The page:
The Wind in the Willows
The Wind in the Willows has been enchanting readers both young and old since it was first published in 1908. It has never been out of print, and in the century since the book was first published, scores of artists have illustrated editions. Among the most notable are Paul Bransom (1913); Nancy Barnhart (1922); Wyndham Payne (1927); E. H. Shepard (1931); Arthur Rackham (1940); Tasha Tudor (1966); and Michael Hague (1980).
This latest edition is a beautiful volume illustrated by the award-winning German artist Sebastian Meschenmoser. Considered one of Germany's most successful and admired young illustrators for children, Meschenmoser lives up to his reputation with these beautifully drawn and soft, watercolor-tinted images.
Meschenmoser depicts Grahame’s characters as real animals with their animal natures, and yet they also are completely human, with faces portraying recognizable emotions. (When E. H. Shepherd met Kenneth Grahame and showed him his drawings illustrating The Wind in the Willows, Grahame chuckled and said, “I’m glad you’ve made them [the animal characters] real.”)
In Meschenmoser’s paintings, we know and understand the personality and present mood of each animal. When Toad, Ratty, and Mole set out in the gypsy caravan, “shining with newness, painted a canary-yellow picked out with green, and red wheels,” Meschenmoser captures each member of the trio beautifully. Toad is puffed up, proud and cocky. Poor Ratty, full of misgivings, stands with a despairing look in his eye and a down-turned mouth. Mole, who was, “tremendously interested and excited” about the caravan, has wide, eager eyes and an open smile as he claps his paws together in happy glee.
A chapter later, “Toad found himself immured in a dank and noisome dungeon, and knew that all the grim darkness of a medieval fortress lay between him and the outer world of sunshine and well-metaled high roads where he had lately been so happy . . . he flung himself at full length on the floor, and shed bitter tears and abandoned himself to dark despair.” Meschenmoser depicts him lying on a straw-strewn stone floor, reclining on the huge ball of the ball-and-chain that restrains him, weeping piteously.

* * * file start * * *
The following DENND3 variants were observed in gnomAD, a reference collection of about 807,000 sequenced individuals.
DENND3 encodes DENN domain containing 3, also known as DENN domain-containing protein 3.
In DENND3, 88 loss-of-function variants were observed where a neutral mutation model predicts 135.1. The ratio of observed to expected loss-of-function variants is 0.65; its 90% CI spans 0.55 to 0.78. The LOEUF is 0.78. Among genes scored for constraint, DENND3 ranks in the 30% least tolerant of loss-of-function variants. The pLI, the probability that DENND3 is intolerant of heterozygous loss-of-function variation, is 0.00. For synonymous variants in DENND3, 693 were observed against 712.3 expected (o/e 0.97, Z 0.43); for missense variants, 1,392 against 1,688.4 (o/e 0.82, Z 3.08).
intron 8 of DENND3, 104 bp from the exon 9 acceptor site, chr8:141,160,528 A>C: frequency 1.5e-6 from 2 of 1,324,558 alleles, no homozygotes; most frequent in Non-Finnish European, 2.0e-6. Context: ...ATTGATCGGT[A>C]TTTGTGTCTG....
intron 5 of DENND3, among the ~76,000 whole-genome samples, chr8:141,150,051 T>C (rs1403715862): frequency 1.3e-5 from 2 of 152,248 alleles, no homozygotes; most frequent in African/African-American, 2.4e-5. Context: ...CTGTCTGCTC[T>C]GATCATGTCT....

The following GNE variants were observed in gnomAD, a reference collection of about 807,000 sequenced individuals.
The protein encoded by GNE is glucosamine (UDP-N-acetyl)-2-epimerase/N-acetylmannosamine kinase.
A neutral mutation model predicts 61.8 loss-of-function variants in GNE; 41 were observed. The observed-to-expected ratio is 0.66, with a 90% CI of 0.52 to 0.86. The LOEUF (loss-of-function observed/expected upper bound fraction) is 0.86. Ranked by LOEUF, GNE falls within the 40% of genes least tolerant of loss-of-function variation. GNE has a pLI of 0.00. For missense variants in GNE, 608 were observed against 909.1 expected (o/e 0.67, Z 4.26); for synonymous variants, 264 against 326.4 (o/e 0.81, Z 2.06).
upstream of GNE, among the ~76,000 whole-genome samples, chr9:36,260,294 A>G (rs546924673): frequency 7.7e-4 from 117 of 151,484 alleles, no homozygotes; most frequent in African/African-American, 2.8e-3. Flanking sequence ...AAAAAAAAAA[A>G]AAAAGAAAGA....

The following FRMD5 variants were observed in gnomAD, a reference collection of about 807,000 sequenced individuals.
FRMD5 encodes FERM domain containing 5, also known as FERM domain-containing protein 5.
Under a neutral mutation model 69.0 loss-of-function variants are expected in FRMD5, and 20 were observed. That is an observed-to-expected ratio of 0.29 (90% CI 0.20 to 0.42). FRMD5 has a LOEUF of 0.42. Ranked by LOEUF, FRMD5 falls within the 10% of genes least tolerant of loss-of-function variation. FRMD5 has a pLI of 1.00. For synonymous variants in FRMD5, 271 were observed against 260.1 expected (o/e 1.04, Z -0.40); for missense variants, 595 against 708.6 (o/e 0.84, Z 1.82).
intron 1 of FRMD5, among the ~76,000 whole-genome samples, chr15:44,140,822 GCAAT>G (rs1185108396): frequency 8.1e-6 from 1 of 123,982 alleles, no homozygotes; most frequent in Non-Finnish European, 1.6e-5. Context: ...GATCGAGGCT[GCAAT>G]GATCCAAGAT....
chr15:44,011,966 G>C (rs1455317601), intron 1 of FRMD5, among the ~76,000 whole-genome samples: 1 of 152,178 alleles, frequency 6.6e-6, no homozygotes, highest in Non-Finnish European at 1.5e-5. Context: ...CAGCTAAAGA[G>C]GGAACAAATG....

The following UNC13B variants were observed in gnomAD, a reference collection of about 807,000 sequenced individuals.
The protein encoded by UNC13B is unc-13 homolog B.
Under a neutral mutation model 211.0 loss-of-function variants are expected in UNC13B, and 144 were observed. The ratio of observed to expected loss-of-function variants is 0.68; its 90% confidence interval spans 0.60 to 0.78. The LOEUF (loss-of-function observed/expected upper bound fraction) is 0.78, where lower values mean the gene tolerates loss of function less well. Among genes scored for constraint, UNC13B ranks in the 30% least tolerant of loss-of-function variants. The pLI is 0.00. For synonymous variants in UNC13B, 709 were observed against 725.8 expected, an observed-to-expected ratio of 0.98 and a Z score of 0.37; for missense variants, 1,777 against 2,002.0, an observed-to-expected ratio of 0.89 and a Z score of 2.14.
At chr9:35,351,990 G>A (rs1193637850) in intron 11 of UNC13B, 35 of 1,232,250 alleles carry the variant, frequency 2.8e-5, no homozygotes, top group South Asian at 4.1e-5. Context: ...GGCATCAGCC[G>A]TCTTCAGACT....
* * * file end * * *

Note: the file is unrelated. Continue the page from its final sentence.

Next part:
In another episode, Mole sets out on his own through the Wild Wood, to meet Mr. Badger. All through the spring and summer Mole had, “wanted to make the acquaintance of the Badger. He seemed, by all accounts, to be such an important personage and, though rarely visible, to make his unseen influence felt by everybody about the place.”
He asks his friend Ratty to make the introduction, but the Water Rat is uncomfortable asking Badger to dinner or paying him an unannounced visit. Finally, in the depths of winter Mole decides go by himself.
In the beginning, he enjoys the cold air and barren landscape. “He was glad that he liked the country undecorated, hard, and stripped of its finery. He had got down to the bare bones of it, and there were fine and strong and simple. . . . He pushed on toward the Wild Wood, which lay before him low and threatening, like a black reef in some still southern sea.”
Once he enters the Wild Wood, he’s fine at first, but as the forest grows thicker and the light dimmer, he begins to see faces peering out at him from hollows in the trees. His terror grows to the point where he loses reason. “The whole world seemed running now, running hard, hunting, chasing, closing in round something or—somebody? In a panic, he began to run too, aimlessly, he knew not whither. He ran up against things, he fell over things and into things, he darted under things and dodged around things.”
Meschenmoser captures Mole’s rising panic, depicting the wide eyed little figure walking between two bare, snow-covered trees that, in the dim light, look like dragons rearing up to swallow Mole whole.
The best illustrations in the book are the small watercolors set into the text. They are beautifully drawn and delicately tinted. Less successful are the full-page and double page spreads. In them, Meschenmoser’s depiction of the characters and their environs is crude, executed with broad brush strokes and a dark, often muddy, color palette.
These illustrations seem at odds with the gentle, detailed images that enhance the rest of the book, and in several cases the larger paintings are rendered in styles inconsistent with each other. The impression is that the artist tired of one look and decided to experiment with others.
Despite the jarring, incongruous change of style in the larger illustrations, overall this is a beautiful book that is worthy of a place in any child’s—or adult’s—library of treasured stories.